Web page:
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simple ways reduce stress work

We’re all looking for ways to feel less stressed at work – here are four simple, physio-approved ways to get your zen on without looking like you’re slacking off!

1. Breath.

Breathing one of the few processes that is controlled both voluntarily and involuntarily, and is a highly efficient way to feel less stressed¬†immediately. Breathing in excites and stimulates our sympathetic nervous system, increasing our heart rate and getting us ready to ‘fight or fly’ which is why many athletes will hype themselves up before a big game by taking lots of short breaths in. Conversely, breathing out – even more so if done slowly – down regulates and de-stresses by tapping into our parasympathetic nervous system, aka our ‘rest and digest’ mode. This is why yoga and meditation teachers encourage you to focus on your exhalation, drawing it out as long as you can. Interesting point to ponder: have you ever wondered why smokers say that having a cigarette calms them down? Of course there’s the chemical and nicotine factor, but if you think about it, by taking a long, extended ‘puff’ out they’re actually practicing this very method of slowing down their breath and subsequently relaxing their bodies.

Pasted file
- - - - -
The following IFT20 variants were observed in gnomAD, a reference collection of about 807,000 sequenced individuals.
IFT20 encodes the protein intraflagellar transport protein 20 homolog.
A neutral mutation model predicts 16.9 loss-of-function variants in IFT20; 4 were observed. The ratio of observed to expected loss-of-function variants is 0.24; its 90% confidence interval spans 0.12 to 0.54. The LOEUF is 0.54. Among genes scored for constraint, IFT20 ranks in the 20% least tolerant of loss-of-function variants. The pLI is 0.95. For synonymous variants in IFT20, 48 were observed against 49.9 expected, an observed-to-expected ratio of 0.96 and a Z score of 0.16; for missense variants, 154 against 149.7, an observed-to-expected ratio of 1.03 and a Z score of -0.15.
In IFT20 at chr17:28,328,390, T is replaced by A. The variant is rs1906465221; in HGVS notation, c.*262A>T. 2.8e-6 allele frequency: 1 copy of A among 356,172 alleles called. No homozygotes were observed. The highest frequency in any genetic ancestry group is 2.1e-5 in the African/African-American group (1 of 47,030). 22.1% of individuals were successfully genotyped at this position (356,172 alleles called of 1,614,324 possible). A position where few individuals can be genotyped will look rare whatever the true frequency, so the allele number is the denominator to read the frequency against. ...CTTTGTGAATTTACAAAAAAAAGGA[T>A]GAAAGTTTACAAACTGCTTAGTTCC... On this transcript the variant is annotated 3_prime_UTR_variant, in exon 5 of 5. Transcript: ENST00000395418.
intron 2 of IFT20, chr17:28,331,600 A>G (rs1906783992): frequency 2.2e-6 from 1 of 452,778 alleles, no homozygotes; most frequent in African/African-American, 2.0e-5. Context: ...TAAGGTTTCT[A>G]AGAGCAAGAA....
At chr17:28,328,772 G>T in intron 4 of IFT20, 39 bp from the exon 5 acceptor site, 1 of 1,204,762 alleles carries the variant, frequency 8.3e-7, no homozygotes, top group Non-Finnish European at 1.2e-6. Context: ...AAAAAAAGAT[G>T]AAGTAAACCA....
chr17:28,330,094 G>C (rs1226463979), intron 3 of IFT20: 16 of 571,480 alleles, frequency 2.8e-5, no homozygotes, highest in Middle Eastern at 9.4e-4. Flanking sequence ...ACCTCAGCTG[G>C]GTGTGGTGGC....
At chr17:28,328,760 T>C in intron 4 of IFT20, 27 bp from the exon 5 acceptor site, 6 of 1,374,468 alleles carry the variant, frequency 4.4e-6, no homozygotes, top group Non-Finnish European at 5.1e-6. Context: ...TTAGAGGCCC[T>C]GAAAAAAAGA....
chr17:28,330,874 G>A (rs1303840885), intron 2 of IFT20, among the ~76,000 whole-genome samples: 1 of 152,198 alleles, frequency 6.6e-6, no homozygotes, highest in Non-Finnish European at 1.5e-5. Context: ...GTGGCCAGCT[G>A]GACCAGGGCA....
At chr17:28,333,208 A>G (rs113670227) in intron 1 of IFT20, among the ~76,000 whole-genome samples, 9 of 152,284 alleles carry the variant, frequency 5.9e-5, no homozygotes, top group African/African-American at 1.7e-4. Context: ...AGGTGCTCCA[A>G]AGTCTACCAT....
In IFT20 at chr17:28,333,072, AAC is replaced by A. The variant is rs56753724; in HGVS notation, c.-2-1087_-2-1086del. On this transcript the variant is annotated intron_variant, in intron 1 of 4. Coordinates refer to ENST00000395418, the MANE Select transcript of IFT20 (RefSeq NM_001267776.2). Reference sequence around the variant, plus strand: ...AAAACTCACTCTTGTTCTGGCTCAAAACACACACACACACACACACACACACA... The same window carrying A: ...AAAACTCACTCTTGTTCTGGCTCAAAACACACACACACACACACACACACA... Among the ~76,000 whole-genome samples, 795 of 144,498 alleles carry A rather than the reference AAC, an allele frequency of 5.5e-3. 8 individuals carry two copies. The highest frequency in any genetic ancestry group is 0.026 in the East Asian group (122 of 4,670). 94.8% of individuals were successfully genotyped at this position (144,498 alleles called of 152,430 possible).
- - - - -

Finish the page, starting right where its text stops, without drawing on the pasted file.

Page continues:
2. Move Regularly

I’m a physio, so of course there was going to be a movement related tip ūüôā Movement, specifically regular aerobic exercise (the type that gets your heart rate up and involves you moving most – if not all – of your body, like running, walking, skipping or cycling) calms your body and resets your neurons’ stress threshold.¬†In effect, it takes more for you to get stressed than if you didn’t regularly work out. How does it do this? Paradoxically, movement and exercise¬†are mild stressors that our bodies have to respond to and they do this by growing new nerve cells, activating genes that produce proteins which protect cells against damage and disease and basically fortifying our reserves against future stressors (1). Moving also equals increased blood flow and circulation which can unlock those muscles you’ve kept tense all day – a simple overhead shoulder stretch or getting up to talk to your colleague rather than sending an email can be enough. Keep in mind that if the exercise¬†is overly stress-FULL, it is unlikely to be beneficial; a 10 minute walk around the block at lunchtime is optimal for stress-relieving benefits as well as providing fresh air, a chance to clear your head and will leave¬†you feeling more refreshed and focused to tackle the rest of the day. Do it with your favourite desk buddy and you’ll get added benefits of social interaction and perhaps even a good laugh (see point 4!)